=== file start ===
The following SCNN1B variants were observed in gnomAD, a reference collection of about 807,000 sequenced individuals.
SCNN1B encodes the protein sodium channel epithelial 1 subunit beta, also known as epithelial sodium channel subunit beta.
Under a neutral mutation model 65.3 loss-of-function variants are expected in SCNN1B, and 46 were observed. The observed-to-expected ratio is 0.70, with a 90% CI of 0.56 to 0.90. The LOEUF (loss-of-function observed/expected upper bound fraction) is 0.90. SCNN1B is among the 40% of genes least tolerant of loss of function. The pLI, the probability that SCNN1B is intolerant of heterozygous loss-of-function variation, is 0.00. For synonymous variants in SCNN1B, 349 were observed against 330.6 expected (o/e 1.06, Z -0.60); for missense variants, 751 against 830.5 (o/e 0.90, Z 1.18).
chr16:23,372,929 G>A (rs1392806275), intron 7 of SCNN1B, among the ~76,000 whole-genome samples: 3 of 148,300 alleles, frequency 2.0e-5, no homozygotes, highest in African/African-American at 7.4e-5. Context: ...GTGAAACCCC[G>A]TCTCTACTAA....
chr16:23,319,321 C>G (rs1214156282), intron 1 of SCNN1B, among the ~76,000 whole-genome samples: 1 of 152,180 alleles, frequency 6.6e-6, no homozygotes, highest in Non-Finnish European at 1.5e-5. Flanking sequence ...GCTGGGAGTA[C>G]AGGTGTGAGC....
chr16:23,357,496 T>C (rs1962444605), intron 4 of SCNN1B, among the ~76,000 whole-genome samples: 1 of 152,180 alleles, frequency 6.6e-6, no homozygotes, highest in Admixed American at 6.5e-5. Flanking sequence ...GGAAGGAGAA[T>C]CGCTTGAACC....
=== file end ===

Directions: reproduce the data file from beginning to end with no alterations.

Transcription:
The following SCNN1B variants were observed in gnomAD, a reference collection of about 807,000 sequenced individuals.
SCNN1B encodes the protein sodium channel epithelial 1 subunit beta, also known as epithelial sodium channel subunit beta.
Under a neutral mutation model 65.3 loss-of-function variants are expected in SCNN1B, and 46 were observed. The observed-to-expected ratio is 0.70, with a 90% CI of 0.56 to 0.90. The LOEUF (loss-of-function observed/expected upper bound fraction) is 0.90. SCNN1B is among the 40% of genes least tolerant of loss of function. The pLI, the probability that SCNN1B is intolerant of heterozygous loss-of-function variation, is 0.00. For synonymous variants in SCNN1B, 349 were observed against 330.6 expected (o/e 1.06, Z -0.60); for missense variants, 751 against 830.5 (o/e 0.90, Z 1.18).
chr16:23,372,929 G>A (rs1392806275), intron 7 of SCNN1B, among the ~76,000 whole-genome samples: 3 of 148,300 alleles, frequency 2.0e-5, no homozygotes, highest in African/African-American at 7.4e-5. Context: ...GTGAAACCCC[G>A]TCTCTACTAA....
chr16:23,319,321 C>G (rs1214156282), intron 1 of SCNN1B, among the ~76,000 whole-genome samples: 1 of 152,180 alleles, frequency 6.6e-6, no homozygotes, highest in Non-Finnish European at 1.5e-5. Flanking sequence ...GCTGGGAGTA[C>G]AGGTGTGAGC....
chr16:23,357,496 T>C (rs1962444605), intron 4 of SCNN1B, among the ~76,000 whole-genome samples: 1 of 152,180 alleles, frequency 6.6e-6, no homozygotes, highest in Admixed American at 6.5e-5. Flanking sequence ...GGAAGGAGAA[T>C]CGCTTGAACC....